Japan's New Energy and Industrial Technology Development selected Principle Power and its partners Renova and Mitsui Engineering and Shipbuilding for a single unit demonstration project 29 km offshore Akita Prefecture featuring a 5 MW Hitachi WTG.
Principle Power completed a FEED design that was granted an Approval in Principle by ClassNK (Nippon Kaiji Kyokai), proving that WindFloat® is ready for Japan's extreme conditions, including exposure to both typhoons and seismic events.
Renova, Mitsui Engineering and Shipbuilding
The tsunami generated by the Great East Japan Earthquake struck the Fukushima Daiichi Nuclear Power Plant on March 11, 2011, leading to the eventual shutdown of all Japan’s nuclear reactors. This led the nation to revitalize its decarbonization efforts, with renewables becoming a significant part of Japan’s energy mix. Since the disaster Japan has installed over 50 GW of solar capacity, enough to supply roughly 5% of the nation’s electricity demand, but shortage of available land hinders further development.
The way forward for Japan’s denuclearization and decarbonization goals lies at sea: according to the Japanese Wind Power Association (JWPA), there is over 140 GW of wind power potential to be harvested. Given that 90% of the country’s waters are deeper than 50 meters, and with shallow waters in high demand for port infrastructure and fishing, floating offshore wind technology, and WindFloat®, in particular, is key.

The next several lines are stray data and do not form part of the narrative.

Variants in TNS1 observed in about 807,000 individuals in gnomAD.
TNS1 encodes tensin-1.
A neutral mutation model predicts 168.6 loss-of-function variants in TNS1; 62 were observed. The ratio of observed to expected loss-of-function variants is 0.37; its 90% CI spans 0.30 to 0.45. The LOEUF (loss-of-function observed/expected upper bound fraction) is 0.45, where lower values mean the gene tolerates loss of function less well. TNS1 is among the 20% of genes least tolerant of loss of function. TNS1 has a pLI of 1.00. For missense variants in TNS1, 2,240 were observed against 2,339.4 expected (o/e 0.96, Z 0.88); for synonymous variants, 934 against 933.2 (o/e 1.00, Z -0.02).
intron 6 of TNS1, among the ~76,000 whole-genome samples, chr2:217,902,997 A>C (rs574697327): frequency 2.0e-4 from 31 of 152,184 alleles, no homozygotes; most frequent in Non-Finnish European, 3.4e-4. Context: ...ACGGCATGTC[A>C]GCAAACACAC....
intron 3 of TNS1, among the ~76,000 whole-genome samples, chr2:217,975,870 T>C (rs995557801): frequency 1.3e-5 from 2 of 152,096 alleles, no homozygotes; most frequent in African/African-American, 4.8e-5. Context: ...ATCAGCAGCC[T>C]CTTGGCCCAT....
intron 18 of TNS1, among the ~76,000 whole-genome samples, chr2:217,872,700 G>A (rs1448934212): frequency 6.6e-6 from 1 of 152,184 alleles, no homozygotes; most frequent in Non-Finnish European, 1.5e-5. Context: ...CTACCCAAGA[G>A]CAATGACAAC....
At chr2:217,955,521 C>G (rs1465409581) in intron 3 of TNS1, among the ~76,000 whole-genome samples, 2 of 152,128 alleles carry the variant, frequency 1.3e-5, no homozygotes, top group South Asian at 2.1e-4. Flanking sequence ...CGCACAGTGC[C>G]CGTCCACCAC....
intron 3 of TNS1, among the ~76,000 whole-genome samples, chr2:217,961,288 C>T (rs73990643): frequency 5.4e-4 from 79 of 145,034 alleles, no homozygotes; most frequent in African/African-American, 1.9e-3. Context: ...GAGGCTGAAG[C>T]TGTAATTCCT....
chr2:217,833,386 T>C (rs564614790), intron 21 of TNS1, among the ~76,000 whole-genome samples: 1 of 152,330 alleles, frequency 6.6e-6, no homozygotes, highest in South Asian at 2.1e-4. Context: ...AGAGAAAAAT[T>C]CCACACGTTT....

The NEDO research project was aimed at demonstrating the WindFloat at a site in Akita prefecture with typhoon and earthquake exposure. Principle Power completed a FEED design for the 5 MW Hitachi wind turbine and worked with partner Mitsui Engineering and Shipbuilding to achieve an Approval in Principle from ClassNK, indicating that the technology is ready for deployment in Japan.
The WindFloat® presents several advantages over traditional fixed-bottom offshore wind that are especially relevant in Japan:
In April 2019, the Japanese government approved new legislation that enables Prefectures to lease the ocean surface for up to 30 years, providing a pathway for the development of floating offshore wind projects, and established a consultation body to facilitate coordination with local stakeholders.
Prime Minister Yoshihide Suga has committed Japan to achieve carbon neutrality by 2050 and aims to build a “Green Society” by increasing the share of renewable energy power generation from 18% in 2018 to up to 60% in 2050. Offshore wind energy is at forefront of these efforts with official government targets of 10 GW by 2030 (average of over 1 GW per year spread over 3-4 sites) and up to 45 GW by 2040. The commercialization and expansion of floating wind technology, investment in the power grid and port infrastructure, and a competitive domestic supply chain are regarded as critical to realizing these goals.